Shortages of ketchup – especially in the packages that often come with your take-out order – began to appear across the country last summer, and the plot thickened.
How did it happen? It started with the Centers for Disease Control and Prevention, discouraging traditional on-site catering at restaurants and instead suggesting more pandemic-friendly options like delivery and take-out.
Suddenly, restaurants from coast to coast were packing up entrees, side dishes, and cold drinks for a regular series of people working from home whirling around in their cars. These customers were expecting condiments. These traditional restaurants therefore jumped into direct competition with fast food establishments, which had also closed their dining rooms and increased their orders of ketchup packages.
Demand and prices have increased and the supply has fallen. Heinz, the country’s largest ketchup producer, is at the epicenter of the problem and is taking action to address it. The company recently announced “a 25% increase in production, totaling 12 billion packets of ketchup… per year.”
As the pandemic crushed the U.S. economy last spring, sawmills halted lumber production to prepare for a housing collapse. The slump never happened and there is not enough wood left to fuel the burning housing market.
The shortage is delaying construction of badly needed new homes, complicating renovations to existing homes, and causing sticker shock to buyers in what was already a scorching market.
Random-length lumber futures hit a record high of $ 1,615 on Tuesday, a staggering seven-fold gain from the low in early April 2020. That’s a big deal because lumber is the commodity. more substantial than home builders are buying.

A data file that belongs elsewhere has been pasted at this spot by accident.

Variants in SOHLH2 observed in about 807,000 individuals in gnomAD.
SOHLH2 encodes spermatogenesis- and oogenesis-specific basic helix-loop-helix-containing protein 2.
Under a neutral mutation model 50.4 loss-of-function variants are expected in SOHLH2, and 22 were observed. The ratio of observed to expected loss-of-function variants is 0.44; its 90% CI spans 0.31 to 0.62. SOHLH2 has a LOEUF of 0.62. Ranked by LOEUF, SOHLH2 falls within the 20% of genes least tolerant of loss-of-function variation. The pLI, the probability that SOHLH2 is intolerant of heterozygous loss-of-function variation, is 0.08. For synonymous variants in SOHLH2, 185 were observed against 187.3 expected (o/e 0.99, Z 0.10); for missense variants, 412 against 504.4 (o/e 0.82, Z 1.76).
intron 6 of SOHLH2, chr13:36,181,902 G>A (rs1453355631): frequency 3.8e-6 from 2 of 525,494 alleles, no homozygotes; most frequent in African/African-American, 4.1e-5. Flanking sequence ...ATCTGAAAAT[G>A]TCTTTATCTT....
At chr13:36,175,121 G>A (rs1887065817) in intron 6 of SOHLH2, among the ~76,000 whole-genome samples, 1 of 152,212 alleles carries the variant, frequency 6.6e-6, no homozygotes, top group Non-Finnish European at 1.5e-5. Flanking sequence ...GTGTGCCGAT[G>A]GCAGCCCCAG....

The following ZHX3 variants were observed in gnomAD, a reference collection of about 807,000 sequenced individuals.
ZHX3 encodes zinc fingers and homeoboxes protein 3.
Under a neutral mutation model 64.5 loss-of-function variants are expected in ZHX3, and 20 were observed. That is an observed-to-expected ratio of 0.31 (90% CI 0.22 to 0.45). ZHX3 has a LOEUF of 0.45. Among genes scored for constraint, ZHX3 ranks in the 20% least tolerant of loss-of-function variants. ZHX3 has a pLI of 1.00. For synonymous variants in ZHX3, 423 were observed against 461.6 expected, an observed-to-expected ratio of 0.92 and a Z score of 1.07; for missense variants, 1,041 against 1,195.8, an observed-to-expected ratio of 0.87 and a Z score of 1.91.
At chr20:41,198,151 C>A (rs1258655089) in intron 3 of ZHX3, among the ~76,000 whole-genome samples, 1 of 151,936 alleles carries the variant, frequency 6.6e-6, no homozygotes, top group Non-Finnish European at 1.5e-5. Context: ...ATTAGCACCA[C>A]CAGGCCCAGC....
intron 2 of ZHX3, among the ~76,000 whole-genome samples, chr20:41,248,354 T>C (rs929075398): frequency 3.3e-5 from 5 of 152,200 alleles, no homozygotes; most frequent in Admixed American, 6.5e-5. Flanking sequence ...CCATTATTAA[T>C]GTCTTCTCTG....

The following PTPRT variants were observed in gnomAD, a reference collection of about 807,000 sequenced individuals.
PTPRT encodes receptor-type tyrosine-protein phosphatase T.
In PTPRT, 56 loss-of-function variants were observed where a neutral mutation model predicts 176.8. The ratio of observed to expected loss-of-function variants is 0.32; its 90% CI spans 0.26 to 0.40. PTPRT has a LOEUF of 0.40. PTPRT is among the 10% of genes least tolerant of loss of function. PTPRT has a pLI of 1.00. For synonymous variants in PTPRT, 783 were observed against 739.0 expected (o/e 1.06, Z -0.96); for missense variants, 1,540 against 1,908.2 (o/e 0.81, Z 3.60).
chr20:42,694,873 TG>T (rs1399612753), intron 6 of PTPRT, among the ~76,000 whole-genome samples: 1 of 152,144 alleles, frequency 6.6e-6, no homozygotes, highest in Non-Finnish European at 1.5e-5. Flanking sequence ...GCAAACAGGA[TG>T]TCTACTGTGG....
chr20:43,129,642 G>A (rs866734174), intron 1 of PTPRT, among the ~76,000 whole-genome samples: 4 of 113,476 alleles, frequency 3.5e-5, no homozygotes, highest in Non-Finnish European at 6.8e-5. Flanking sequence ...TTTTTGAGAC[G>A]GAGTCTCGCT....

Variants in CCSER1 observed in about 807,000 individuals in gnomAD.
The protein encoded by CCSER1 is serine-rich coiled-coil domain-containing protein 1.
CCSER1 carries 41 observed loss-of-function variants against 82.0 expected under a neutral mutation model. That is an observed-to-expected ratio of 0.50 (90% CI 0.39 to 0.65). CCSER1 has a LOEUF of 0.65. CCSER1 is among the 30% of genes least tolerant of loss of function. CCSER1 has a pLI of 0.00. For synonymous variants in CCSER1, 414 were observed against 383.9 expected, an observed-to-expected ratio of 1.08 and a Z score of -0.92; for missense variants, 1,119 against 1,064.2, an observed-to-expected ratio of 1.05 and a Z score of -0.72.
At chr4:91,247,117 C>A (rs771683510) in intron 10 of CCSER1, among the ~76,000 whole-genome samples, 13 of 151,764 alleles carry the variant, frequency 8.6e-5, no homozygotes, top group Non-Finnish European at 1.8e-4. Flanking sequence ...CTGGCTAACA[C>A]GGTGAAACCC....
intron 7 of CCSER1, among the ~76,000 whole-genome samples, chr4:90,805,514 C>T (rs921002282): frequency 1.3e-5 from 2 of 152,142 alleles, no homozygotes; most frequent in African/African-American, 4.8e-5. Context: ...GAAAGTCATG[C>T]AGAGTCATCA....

The good news is that industry executives expect lumber production to catch up with demand – eventually. Samuel Burman, deputy raw materials economist, predicted in a recent note to customers that there will be a “sharp drop” in lumber prices over the next 18 months.
As countries shift to green energy, demand for copper, lithium, nickel, cobalt and rare earths is skyrocketing.
But they are all vulnerable to volatility and price shortages, the International Energy Agency warned in a report released this week, as their supply chains are opaque, the quality of available deposits declines and mining companies. face stricter environmental and social standards.
Another risk factor is the limited access to known mineral deposits. Three countries together control more than 75% of the world’s production of lithium, cobalt and rare earths.
The Democratic Republic of the Congo was responsible for 70% of cobalt production in 2019, and China produced 60% of the rare earth elements while refining 50% to 70% of lithium and cobalt, and nearly 90% of rare earth elements. Australia is the other powerful player.
In the past, mining companies have responded to increased demand by increasing their investment in new projects. But it takes an average of 16 years from the discovery of a deposit for a mine to start production, according to the IEA. Current supply and investment plans focus on “gradual and insufficient action on climate change,” he warned.
Steel is just the latest shortage to hit the U.S. economy as it recovers from a pandemic that has scrambled supply chains and triggered abrupt shifts in demand.
Like lumber, the steel industry has been caught off guard by the rapid recovery in demand that started last summer, particularly in the auto industry. “Suddenly people were buying a lot of cars,” Bank of America analyst Tanners said.
And it took a long time for aging US steel mills to resume production they had sharply reduced at the start of the pandemic. Steel inventories declined rapidly and deliveries were delayed, just as steel buyers began to order more than usual.
The good news, at least for steel buyers, is that analysts say all of the U.S. steel production capacity that had been idle during the pandemic has returned.
Chris Isidore, Paul R. La Monica, Matt Egan, Tom Foreman, Charles Riley, and Hanna Zlady of CNN Business contributed to this report.